Hey, remember that Zygon sub-plot from the 50th Anniversary special a couple of years ago? Well, Steven Moffat has finally decided to actually give some sort of conclusion to it with The Zygon Invasion and The Zygon Inversion, written by Peter Harness who wrote last year's universally panned Kill the Moon. It's not very reassuring that the series needs to conclude loose plot-threads from a supposedly standalone special two years prior, especially when the writer's only previous Who episode was hated by many . Surprisingly though, the story actually turns out to be pretty great. The Zygon Invasion certainly stands out from pretty much every other recent Doctor Who story in that it deals with some pretty deep political themes and ideas, which is probably why most people have been raving about it. The story follows a revolution from a splinter group of Zygons hiding on Earth, trying to overthrow U.N.I.T control and cause an uprising of the species to take over the planet. The Do…

SPECTRE (2015) - Video Review

My review of 'SPECTRE' - the latest James Bond film, directed by Sam Mendes and starring Daniel Craig, Lea Seydoux and Ralph Fiennes.

SPECTRE (2015) - Movie Review

Daniel Craig's era of Bond films have probably been one of the most inconsistent of the franchise's long history, kicking things off in 2006 with Casino Royale - reinventing Bond as a much grittier story, focused much more on an arc for the character. This with the return of Goldeneye's Martin Campbell provided a very entertaining and well-put together film, despite leaving most of the plot open for the sequels. Quantum of Solace followed in 2008, continuing directly from Casino Royale but losing the style of Campbell, and resulted in a rather average action film that lacked much personality and crammed its overcomplicated plot into a 100 minute running time. Many critics and fans panned the film, and 2012's Skyfall ended up being a much more standalone instalment with the addition of Sam Mendes in the director's chair. Skyfall became the most successful British film ever made, and was met with an overwhelmingly positive critical reception. It was  a great return to…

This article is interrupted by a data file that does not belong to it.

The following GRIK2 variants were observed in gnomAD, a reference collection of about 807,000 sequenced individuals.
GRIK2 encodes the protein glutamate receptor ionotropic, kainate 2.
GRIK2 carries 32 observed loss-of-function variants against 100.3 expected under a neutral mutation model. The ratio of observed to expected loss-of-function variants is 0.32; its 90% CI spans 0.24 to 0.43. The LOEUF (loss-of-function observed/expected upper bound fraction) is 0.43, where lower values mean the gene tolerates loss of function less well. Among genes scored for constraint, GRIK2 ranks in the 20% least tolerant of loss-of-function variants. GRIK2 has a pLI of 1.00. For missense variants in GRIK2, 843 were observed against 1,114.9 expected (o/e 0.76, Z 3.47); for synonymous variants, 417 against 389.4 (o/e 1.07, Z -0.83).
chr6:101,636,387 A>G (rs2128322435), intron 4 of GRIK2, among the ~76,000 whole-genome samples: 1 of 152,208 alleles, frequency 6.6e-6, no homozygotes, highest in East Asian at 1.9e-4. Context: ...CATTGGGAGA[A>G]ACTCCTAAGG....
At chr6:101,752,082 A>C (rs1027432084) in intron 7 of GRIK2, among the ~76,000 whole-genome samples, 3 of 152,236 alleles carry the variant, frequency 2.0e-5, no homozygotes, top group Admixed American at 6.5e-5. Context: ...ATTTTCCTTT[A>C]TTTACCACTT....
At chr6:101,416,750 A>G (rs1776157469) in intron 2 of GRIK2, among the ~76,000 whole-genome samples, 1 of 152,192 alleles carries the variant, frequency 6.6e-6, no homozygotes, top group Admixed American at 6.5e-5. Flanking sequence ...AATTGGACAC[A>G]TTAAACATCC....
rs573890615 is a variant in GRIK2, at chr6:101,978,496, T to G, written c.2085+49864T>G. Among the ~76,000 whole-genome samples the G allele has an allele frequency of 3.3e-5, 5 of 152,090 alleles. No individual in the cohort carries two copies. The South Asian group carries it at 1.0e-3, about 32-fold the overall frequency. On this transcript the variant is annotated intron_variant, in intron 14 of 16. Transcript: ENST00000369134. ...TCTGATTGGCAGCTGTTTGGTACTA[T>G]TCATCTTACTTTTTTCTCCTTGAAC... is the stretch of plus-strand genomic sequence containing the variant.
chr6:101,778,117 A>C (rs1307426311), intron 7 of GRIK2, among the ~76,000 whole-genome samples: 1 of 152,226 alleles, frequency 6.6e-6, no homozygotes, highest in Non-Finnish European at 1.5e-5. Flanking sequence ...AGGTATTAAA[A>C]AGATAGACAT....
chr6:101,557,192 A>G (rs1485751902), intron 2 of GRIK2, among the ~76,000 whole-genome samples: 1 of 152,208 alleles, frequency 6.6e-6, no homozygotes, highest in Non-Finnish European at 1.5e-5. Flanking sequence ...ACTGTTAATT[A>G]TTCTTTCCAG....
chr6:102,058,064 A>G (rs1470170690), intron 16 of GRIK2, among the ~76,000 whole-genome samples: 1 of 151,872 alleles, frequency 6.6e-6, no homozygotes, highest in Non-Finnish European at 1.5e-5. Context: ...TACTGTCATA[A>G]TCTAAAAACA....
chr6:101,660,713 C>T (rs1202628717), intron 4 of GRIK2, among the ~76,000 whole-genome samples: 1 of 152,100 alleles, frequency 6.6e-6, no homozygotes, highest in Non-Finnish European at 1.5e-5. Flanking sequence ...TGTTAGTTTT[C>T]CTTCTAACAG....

Doctor Who: The Girl Who Died / The Woman Who Lived (2015) - Written Review

Series 9 of Doctor Who has promised to shake up the two-part story formula, and here with The Girl Who Died and The Woman Who Lived, we really get this traditional Who formula played around with. Each episode has a different plot and writer, but both are connected by Maisie William's Ashildr. Ultimately, The Girl Who Died suffers from being just good enough. It never seems to decide on what it wants to be. It can be a very bizarre Vikings vs. Aliens story one minute, and then turn into a deep character piece about The Doctor's effect on other people the next. The entire episode seems to throw around themes about storytelling around but nothing ever really sticks - the deus ex machima ending isn't really explained properly and Ashildr might as well be named "we'll come back to her later" as her role in the plot is ultimately to be the titular girl who died, and to save the day. By no means is The Girl Who Died bad - far, far from it - but it has no idea what st…